In the course of physical activity we can have the misfortune of suffering an acute joint or ligament sprain.  Common joint or ligament injuries include

 

  • Lateral Ankle
    • There are 3 ligaments on the outside of the ankle. When you “roll” your ankle you can overstretch them and in some cases tear 1 or all of these ligaments. 
    • It is the most common injury on the sporting field and can look terrible often with bruising and swelling all over the foot.
    • Untreated it can leave you with ongoing instability, dysfunction and pain.
    • After we rule out other causes of injury (high ankle sprain, ankle fracture, cartilage lesions) we can usually get you moving ASAP.
  • Medial knee ligament (MCL)
    • The MCL often gets torn when your knee buckles inwards under force. You will often have some swelling and pain on the inside of your knee and may report feeling unstable and have restricted movement and poor tolerance of weight bearing.
    • The MCL is a strong multi-layered ligament that you require for stability.
    • When torn we may look to get an MRI to see what parts are torn and how severe and then we may need to place you in a knee brace for a period of time to make sure it heals

 

  • Anterior Cruciate Ligament (ACL)
    • The ACL is the main stabiliser of the knee and can often be damaged when twisting. It can happen as a contact or non-contact injury
    • Most of the time it requires surgery
    • Often you will hear a pop and have swelling straight away. You often wont be able to continue.
    • We will often need to arrange an MRI and can assist in arranging a consultation with a specialist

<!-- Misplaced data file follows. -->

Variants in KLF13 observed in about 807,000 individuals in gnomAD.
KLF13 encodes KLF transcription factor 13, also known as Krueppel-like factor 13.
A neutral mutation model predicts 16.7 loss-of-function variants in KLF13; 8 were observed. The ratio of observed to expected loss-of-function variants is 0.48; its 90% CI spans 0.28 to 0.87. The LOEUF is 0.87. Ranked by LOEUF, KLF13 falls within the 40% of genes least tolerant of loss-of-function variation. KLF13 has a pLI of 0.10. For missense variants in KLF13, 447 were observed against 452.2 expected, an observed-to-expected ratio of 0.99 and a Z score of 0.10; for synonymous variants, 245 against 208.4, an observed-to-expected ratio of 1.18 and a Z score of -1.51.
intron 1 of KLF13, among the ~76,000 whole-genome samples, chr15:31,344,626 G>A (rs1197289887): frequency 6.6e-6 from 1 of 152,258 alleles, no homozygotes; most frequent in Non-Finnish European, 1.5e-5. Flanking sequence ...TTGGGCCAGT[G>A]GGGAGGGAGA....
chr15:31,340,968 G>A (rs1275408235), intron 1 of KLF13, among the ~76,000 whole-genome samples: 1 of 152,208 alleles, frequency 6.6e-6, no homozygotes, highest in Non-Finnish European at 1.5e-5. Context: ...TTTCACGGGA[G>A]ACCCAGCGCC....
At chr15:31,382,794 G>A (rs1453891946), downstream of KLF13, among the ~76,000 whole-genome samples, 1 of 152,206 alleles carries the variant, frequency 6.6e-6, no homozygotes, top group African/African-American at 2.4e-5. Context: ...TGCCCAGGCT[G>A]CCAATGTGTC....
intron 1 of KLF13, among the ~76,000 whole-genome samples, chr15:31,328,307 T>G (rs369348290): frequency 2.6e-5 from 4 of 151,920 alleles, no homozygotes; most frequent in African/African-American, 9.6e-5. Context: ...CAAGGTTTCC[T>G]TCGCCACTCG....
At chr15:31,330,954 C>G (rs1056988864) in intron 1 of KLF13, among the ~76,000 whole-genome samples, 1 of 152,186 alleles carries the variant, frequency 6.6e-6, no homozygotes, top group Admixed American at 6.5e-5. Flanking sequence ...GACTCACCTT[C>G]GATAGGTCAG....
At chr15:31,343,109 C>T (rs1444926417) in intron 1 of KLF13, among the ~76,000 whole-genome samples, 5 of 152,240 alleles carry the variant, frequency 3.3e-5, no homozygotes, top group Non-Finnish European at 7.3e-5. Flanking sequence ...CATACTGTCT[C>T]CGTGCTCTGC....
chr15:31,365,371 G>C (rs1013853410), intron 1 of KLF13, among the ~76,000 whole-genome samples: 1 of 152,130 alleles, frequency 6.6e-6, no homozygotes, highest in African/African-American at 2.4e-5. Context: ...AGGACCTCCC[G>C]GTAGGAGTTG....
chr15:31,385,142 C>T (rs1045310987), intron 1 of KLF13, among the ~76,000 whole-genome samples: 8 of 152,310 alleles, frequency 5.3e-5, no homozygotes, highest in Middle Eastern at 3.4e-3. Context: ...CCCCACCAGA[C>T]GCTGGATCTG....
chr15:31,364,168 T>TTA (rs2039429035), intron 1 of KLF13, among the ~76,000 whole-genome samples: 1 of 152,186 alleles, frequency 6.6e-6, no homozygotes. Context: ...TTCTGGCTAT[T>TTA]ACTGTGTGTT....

• Prehabilitaiton is important as the stronger and more mobile the knee is before surgery (if required) the better chance of a speedy recovery and less chance of re-injury.
  • Shoulder Dislocation
    • The shoulder is a very mobile joint and hence has a higher rate of dislocating compared to other joints.
    • When the arm is stretched, usually behind you, the arm bone can “pop” out the front. Sometimes it goes back in and other times it doesn’t.
    • When this occurs the ligaments at the front of the shoulder get overstretched and can tear and other parts of the shoulder (such as the labrum) can get torn as well.
    • Sometimes surgery is required (especially if younger or if there is damage to the rotator cuff) but other times it can be rehabilitated successfully.

 

  • AC joint
    • The AC joint consists of the collarbone and the top of the shoulder blade.
    • Often we can land directly on the bony tip of the shoulder and sprain the AC joint.
    • In minor to moderate sprains (type I, II and some type III) we can manage them conservatively in a sling and physiotherapy but others that become unstable may require surgery

 

  • Knee cartilage (meniscus tears)
    • The knee has a shock absorbing spongy layer called the meniscus
    • There are two parts - a medial and lateral, which can get damaged when bending and twisting.
    • It can result in locking and clicking of the knee
    • The meniscus doesn’t have the best blood supply to all parts so it can struggle to heal however most people have very good outcomes from physiotherapy alone

 

  • Finger and thumb sprains/dislocations
    • Fingers are often dislocated or sprained while falling or catching a ball
    • It is heavily advised to get your finger or hand checked out to make sure your hands or fingers heal properly because it can leave permanent disability and issues if you don’t. Often little fractures can be easily missed as well
    • You may need a finger or wrist/forearm splint to ensure it heals right or in some case surgery is required.